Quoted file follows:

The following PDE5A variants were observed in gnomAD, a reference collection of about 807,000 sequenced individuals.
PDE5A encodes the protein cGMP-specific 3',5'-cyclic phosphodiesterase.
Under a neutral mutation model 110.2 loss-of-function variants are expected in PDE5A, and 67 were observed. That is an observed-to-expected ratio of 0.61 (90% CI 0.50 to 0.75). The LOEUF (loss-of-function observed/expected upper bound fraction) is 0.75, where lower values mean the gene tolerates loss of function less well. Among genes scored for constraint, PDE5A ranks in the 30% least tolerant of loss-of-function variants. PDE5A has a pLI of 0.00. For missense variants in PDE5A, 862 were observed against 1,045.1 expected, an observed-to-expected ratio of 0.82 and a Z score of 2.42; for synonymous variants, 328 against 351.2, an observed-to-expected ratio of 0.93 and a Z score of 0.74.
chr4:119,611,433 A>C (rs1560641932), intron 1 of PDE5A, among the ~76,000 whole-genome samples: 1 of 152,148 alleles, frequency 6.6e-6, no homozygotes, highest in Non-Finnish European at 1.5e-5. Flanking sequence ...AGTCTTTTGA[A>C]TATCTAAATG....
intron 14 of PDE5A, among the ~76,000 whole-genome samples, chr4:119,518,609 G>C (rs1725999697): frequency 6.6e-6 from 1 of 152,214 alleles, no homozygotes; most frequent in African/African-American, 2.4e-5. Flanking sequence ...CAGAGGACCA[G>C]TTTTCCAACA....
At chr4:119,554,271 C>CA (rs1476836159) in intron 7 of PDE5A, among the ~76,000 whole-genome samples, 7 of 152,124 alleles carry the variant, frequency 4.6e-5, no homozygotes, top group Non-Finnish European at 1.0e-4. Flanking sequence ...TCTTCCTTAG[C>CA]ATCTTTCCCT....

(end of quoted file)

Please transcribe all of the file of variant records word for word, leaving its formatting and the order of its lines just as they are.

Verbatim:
The following PDE5A variants were observed in gnomAD, a reference collection of about 807,000 sequenced individuals.
PDE5A encodes the protein cGMP-specific 3',5'-cyclic phosphodiesterase.
Under a neutral mutation model 110.2 loss-of-function variants are expected in PDE5A, and 67 were observed. That is an observed-to-expected ratio of 0.61 (90% CI 0.50 to 0.75). The LOEUF (loss-of-function observed/expected upper bound fraction) is 0.75, where lower values mean the gene tolerates loss of function less well. Among genes scored for constraint, PDE5A ranks in the 30% least tolerant of loss-of-function variants. PDE5A has a pLI of 0.00. For missense variants in PDE5A, 862 were observed against 1,045.1 expected, an observed-to-expected ratio of 0.82 and a Z score of 2.42; for synonymous variants, 328 against 351.2, an observed-to-expected ratio of 0.93 and a Z score of 0.74.
chr4:119,611,433 A>C (rs1560641932), intron 1 of PDE5A, among the ~76,000 whole-genome samples: 1 of 152,148 alleles, frequency 6.6e-6, no homozygotes, highest in Non-Finnish European at 1.5e-5. Flanking sequence ...AGTCTTTTGA[A>C]TATCTAAATG....
intron 14 of PDE5A, among the ~76,000 whole-genome samples, chr4:119,518,609 G>C (rs1725999697): frequency 6.6e-6 from 1 of 152,214 alleles, no homozygotes; most frequent in African/African-American, 2.4e-5. Flanking sequence ...CAGAGGACCA[G>C]TTTTCCAACA....
At chr4:119,554,271 C>CA (rs1476836159) in intron 7 of PDE5A, among the ~76,000 whole-genome samples, 7 of 152,124 alleles carry the variant, frequency 4.6e-5, no homozygotes, top group Non-Finnish European at 1.0e-4. Flanking sequence ...TCTTCCTTAG[C>CA]ATCTTTCCCT....